NSE Designates Inaugural Board To Oversee Post-demutualisation
The council of the Nigerian Stock Exchange (NSE) yesterday appointed the inaugural board that would oversee the affairs of the exchange post-demutualisation, to become Nigerian Exchange Group (NEG) PLC.
This follows a successful court-ordered meeting and Extra-ordinary General Meeting (EGM) held in Lagos yesterday, where members of the exchange unanimously voted 100 per cent in favour of the appointment of the initial directors of the Group.
The appointed directors are: Abimbola Ogunbanjo, Chairman and Non-Executive Director; Oscar Onyema, Chief Executive Officer and Managing Director; Dr. Umaru Kwairanga – Member and Non-Executive Director, and Fatimah Bintah Bello-Ismail – Member and Non-Executive Director, among others.
Speaking at the event, Ogunbanjo, who is the President of the council, said the national council had also proposed a transition arrangement for the inaugural board of directors to be implemented immediately upon demutualisation and the re-registration of the exchange as a public limited liability company.
He said for the purpose of maintaining continuity and preserving the Exchange’s collective knowledge and learned experiences, as well as retaining stakeholders’ confidence and market stability, the board composition, post demutualisation would comprise individuals that have been selected from the current members of the national council as well as recently nominated independent directors.
According to him, the members of the national council retained afterwards would serve for a period of 18 months post-demutualisation.Ogunbanjo pointed out that on expiration of the period, the composition of the board will evolve in line with existing rules and regulation, market standards, competitive realities and succession planning policies.
“I feel elated that 19 years after initiating the process to demutualize and on the 60th anniversary of the Exchange, we are close to achieving the goal.The successful demutualisation of the Exchange was one of my main objectives when I assumed the Presidency of the Exchange. I am particularly happy it has been achieved during the lifetime of one of its founding fathers, Pa Akintola Williams.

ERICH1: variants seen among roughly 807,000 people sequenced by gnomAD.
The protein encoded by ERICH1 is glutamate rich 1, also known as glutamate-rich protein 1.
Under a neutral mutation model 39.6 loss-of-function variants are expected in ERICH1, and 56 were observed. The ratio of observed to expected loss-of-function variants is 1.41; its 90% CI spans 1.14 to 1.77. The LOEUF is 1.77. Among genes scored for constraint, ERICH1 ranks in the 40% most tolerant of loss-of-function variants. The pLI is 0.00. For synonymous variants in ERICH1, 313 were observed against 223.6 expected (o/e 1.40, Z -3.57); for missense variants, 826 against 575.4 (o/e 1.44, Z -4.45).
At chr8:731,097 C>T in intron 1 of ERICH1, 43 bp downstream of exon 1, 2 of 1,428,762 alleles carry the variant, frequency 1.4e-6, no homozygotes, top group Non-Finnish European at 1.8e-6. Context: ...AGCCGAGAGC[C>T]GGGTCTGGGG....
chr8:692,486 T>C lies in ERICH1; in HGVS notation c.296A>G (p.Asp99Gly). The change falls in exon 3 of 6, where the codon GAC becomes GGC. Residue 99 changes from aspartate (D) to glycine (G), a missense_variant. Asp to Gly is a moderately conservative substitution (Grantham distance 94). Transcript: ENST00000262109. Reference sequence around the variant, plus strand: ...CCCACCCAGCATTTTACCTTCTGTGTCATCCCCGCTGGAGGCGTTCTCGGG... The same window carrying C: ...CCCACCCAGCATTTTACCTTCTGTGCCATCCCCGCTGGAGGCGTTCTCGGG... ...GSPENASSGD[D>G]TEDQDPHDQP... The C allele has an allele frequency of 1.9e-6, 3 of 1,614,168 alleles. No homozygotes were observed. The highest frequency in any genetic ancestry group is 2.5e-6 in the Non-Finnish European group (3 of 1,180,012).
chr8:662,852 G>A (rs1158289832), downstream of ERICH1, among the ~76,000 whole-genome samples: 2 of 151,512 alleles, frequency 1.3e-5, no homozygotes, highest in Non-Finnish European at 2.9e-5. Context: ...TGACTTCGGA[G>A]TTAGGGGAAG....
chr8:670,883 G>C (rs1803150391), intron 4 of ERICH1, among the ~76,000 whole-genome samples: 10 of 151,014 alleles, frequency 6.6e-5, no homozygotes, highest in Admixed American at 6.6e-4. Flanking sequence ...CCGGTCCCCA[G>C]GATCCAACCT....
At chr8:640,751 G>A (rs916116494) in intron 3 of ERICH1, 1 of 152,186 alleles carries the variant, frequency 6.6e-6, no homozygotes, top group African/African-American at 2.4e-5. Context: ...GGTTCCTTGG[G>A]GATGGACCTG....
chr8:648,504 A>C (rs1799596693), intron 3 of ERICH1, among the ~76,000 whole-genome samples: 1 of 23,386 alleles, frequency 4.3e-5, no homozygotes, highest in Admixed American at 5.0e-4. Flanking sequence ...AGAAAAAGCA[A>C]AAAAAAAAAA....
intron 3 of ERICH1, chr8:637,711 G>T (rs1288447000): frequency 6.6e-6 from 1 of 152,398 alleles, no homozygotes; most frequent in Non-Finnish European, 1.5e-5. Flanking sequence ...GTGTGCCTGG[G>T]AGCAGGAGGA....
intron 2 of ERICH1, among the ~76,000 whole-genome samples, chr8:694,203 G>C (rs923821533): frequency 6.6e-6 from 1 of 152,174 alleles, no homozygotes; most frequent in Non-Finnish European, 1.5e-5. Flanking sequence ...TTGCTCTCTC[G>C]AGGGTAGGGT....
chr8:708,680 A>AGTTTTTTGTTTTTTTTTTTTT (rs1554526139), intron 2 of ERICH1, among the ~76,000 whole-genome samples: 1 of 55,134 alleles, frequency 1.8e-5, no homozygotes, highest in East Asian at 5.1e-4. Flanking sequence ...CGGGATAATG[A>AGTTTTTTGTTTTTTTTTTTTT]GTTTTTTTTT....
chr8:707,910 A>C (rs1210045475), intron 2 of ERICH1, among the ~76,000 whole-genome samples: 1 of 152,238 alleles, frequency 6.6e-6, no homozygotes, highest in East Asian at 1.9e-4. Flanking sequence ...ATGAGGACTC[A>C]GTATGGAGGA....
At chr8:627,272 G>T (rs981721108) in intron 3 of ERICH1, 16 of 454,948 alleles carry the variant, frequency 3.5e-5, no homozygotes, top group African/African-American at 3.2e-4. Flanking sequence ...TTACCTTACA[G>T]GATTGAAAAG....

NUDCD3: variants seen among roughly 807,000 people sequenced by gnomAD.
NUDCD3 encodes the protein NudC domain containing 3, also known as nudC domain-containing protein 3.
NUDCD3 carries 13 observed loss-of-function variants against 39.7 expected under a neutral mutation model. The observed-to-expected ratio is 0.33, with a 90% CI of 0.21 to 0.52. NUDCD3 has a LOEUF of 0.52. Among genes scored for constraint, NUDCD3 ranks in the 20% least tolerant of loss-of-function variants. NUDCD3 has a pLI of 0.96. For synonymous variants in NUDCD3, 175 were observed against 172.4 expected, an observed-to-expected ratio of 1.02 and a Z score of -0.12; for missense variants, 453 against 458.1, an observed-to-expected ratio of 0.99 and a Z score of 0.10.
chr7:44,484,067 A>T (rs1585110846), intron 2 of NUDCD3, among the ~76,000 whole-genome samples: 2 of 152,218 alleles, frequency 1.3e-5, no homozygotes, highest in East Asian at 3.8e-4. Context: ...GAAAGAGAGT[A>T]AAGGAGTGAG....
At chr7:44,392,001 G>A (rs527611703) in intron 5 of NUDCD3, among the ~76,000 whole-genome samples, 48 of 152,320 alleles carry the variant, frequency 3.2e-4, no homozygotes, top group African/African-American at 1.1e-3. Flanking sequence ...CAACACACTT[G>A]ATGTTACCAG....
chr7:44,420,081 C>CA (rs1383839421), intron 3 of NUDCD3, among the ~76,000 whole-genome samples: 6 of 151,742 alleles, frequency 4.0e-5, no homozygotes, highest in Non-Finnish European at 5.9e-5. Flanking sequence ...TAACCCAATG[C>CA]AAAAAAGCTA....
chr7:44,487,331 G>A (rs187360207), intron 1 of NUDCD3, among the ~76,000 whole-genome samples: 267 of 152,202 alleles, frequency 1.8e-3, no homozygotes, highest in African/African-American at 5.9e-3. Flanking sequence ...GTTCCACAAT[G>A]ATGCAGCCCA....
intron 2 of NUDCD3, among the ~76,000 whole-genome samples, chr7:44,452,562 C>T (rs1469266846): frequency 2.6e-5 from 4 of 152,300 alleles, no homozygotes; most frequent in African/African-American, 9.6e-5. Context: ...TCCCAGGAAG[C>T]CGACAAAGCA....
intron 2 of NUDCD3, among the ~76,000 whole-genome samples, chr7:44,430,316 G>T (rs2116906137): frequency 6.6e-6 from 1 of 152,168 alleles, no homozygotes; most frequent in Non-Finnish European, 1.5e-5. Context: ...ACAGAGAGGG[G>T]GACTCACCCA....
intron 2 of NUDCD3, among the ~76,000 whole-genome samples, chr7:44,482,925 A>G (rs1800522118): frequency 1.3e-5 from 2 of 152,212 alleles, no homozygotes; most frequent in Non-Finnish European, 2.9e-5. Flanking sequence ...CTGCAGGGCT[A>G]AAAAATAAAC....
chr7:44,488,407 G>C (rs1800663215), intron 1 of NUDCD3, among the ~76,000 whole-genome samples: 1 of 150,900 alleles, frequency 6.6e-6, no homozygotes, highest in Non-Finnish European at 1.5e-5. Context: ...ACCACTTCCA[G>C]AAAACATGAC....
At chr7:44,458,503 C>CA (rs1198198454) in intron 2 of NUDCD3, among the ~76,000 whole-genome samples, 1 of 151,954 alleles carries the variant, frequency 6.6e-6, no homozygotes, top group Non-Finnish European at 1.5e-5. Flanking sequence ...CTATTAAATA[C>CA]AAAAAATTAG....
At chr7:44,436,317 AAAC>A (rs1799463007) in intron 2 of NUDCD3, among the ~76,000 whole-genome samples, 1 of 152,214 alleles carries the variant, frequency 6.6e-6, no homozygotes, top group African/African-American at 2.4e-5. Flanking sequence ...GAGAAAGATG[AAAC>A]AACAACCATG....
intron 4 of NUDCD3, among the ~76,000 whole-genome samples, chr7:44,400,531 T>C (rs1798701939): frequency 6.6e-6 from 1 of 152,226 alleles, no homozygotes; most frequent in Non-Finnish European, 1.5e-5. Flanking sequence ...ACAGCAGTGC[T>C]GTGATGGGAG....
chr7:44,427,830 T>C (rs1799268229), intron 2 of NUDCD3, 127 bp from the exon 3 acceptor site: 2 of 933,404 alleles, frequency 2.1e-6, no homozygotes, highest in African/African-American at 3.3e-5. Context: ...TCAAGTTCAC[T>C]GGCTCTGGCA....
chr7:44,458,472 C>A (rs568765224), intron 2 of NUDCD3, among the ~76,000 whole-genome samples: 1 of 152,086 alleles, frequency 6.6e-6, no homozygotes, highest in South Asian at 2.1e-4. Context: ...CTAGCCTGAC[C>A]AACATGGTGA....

“In telling the story of how we have achieved this milestone, we recognize the efforts of several actors involved in this project – including the management and staff of the Exchange, our members, professional advisers, the Federal government of Nigeria, the Securities and Exchange Commission (SEC) and other capital market stakeholders without whom it could not have become a reality.”
Recall that the dealing and ordinary members of the exchange had on March 30, 2017, passed a reolution, authorising the National council of the exchange to commence the demutualisation process.
This was followed by the signing of the Demutualisation of The Nigerian Stock Exchange Bill into law in August 2018. In December 2019, the Securities and Exchange Commission of Nigeria (SEC) in a No Objection letter gave its consent to the NSE to hold the COM and EGM that would facilitate its conversion from a not-for-profit entity limited by guarantee into a profit-making, public limited liability company owned by shareholders.
Reacting on the development, the former Director General of the Nigerian Stock Exchange, Ndi Okereke-Onyiuke said the demutuualisation exercise would unlock new opportunities and attract more foreign investment for the exchange.
Additionally, she said the exchange would have access to fund that would enable it execute capital projects without dependent on the government aid.“It is good, not only for stockbrokers and investors but for the Nigerians as a whole. It is good to have a demutualised exchange in Nigeria. I feel that people has come to understand what the stock exchange is all about.
“With this demutualisation, a lot of people will come into the exchange since we have already gone through the process of teaching Nigerians how to be shareholders in quoted companies. I want to advice them to see the NSE now as a quoted company, it will have to behave like a father, and the exchange must maintain the rules and obey the rules.
“The exchange can attract further highly experienced staff, foreign investors now and foreign stockbroking firms. This is because the exchange is now opened up to the world. With this demutualisation, anybody in any part of the world can have access to stock market activities.
“The exchange will have a lot of money to execute high level plans and people that will invest in the exchange will also make money. It is the best thing that will happen to the Nigerian economy. It will definitely move the country forward because it is the engine room of the economy.”
To avoid government taking a controlling stake on the exchange, Okereke- Onyiuke said the exchange would limit government’s investment to 10 per cent, noting that government is not trained to create wealth.
“People in government are not trained to create wealth; the operators are trained to create wealth not to spend it. Government can invest in stock exchange but we will limit the investment, no government can take more than 10 per cent because if government takes anything close to 20 per cent, they will start controlling it, making it look like government company and it will never happen,” she said.